Written by Andrew Tiedt
July 11, 2016
Roger Rogerson and Glenn McNamara’s trial has ended with verdicts of guilty.
This high profile trial had been before the Supreme Court for a significant time. A first trial was aborted last year in peculiar circumstances, and suppression orders forbade reporting of the reasons why. A verdict having now been reached, those circumstances can be revealed.
According to the Sydney Morning Herald, the presiding judge discharged the first jury after McNamara’s barrister made reference to Rogerson being involved in “killing two or three people” whilst he was a member of the NSW Police Force.
That barrister was, at the instigation of the presiding judge, reported to the Supreme Court for investigation into whether he should be charged with contempt of court.
As a general rule, a jury (or a magistrate) cannot be told of a person’s previous criminal offending. This applies whether they have tried and convicted of the offences, or (as was the case with Rogerson) where no court had considered the matter.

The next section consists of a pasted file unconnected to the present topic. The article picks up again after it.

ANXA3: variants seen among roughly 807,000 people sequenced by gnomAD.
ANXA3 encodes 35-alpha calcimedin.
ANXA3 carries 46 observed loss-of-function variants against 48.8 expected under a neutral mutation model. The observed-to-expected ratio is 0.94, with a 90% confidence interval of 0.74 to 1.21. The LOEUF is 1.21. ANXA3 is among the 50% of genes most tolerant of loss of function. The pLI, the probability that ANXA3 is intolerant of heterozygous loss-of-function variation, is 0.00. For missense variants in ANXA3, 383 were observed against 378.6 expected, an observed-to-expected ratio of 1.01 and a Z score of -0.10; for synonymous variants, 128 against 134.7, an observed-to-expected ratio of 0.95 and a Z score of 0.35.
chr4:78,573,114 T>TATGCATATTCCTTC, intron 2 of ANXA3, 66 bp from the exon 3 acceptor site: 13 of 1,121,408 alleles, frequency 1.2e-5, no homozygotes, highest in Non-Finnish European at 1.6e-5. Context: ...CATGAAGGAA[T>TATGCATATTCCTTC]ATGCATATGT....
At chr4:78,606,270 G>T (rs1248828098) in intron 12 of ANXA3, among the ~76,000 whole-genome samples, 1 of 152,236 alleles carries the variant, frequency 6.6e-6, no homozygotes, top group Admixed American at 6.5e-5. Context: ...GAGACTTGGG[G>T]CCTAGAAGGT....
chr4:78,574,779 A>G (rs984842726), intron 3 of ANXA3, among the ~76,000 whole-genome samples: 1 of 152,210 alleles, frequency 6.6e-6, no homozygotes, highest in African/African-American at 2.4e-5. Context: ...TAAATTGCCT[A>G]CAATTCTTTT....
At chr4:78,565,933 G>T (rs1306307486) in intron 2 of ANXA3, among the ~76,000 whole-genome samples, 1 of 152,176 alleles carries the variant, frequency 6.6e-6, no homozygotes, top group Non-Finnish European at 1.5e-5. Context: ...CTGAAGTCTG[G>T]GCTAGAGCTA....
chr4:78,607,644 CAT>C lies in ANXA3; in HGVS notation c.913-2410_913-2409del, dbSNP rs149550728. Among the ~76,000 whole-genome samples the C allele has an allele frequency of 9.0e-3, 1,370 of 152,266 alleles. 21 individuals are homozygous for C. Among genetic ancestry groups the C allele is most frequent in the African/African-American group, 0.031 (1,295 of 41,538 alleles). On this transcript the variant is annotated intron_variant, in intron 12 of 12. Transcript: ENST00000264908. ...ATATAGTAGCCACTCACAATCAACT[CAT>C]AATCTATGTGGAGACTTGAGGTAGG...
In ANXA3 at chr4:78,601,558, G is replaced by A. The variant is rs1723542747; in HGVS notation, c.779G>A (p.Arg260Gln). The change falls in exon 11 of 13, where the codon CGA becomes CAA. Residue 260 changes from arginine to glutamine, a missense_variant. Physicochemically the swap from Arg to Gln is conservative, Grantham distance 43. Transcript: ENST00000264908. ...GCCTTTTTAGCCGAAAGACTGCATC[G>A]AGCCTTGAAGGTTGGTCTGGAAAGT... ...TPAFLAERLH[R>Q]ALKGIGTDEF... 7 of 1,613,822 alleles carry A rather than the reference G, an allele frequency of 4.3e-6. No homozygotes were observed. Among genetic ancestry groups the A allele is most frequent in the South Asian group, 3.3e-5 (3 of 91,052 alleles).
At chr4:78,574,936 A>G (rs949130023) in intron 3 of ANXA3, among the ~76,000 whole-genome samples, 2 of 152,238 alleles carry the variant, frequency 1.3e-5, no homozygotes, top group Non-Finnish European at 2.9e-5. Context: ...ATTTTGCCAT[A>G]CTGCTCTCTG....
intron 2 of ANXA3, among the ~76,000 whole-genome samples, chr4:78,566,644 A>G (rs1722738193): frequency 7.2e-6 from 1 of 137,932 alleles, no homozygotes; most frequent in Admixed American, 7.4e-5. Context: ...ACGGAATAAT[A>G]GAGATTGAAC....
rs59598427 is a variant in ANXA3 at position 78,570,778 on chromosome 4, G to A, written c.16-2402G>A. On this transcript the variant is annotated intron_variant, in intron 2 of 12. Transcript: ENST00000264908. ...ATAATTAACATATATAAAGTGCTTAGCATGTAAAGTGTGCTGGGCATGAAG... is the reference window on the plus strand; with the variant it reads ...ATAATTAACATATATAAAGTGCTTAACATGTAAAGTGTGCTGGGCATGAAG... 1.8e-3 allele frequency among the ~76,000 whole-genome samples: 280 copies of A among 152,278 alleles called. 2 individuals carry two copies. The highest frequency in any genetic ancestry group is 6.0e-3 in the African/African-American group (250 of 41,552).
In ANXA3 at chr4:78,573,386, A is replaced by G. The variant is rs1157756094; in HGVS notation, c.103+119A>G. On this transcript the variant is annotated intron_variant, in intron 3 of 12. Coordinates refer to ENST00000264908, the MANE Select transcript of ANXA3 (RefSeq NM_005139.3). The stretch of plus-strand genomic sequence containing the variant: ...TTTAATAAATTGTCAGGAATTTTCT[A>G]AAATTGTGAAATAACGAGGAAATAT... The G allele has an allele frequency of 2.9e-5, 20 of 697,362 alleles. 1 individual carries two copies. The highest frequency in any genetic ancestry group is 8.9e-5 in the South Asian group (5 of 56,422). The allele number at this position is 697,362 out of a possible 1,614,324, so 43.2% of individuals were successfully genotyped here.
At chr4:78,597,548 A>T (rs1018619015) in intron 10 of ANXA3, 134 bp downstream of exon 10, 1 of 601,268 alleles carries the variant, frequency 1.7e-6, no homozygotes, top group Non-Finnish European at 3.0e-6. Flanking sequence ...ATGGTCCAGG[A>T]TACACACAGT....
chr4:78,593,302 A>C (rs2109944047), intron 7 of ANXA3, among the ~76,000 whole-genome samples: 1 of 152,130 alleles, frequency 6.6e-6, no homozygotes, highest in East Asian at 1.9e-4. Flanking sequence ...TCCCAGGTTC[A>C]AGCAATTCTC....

There are exceptions to this rule. This includes when the defendant has attempted to prove that he or she is of good character, or when the defendant’s tendency to do a certain thing can be proved.
An example of what may be such a “tendency” might be where a convicted murder had a fixed modus operandi, and was being tried for a further murder that was strikingly similar.
Here it does not appear any of the exceptions applied, and as such any suggestion that Rogerson had killed before was unlikely to be admissible evidence.
It is of course speculation whether this information would have unfairly influenced a jury. Media reports suggested that the two defendants were blaming each other for the murder, and as such if one side was able to make the other look like an experienced killer then it may well have been crucial to the result.
In any event, the judge quite properly dismissed the jury, and when the trial was rerun (with McNamara represented by a different barrister) the case against him was proved beyond a reasonable doubt.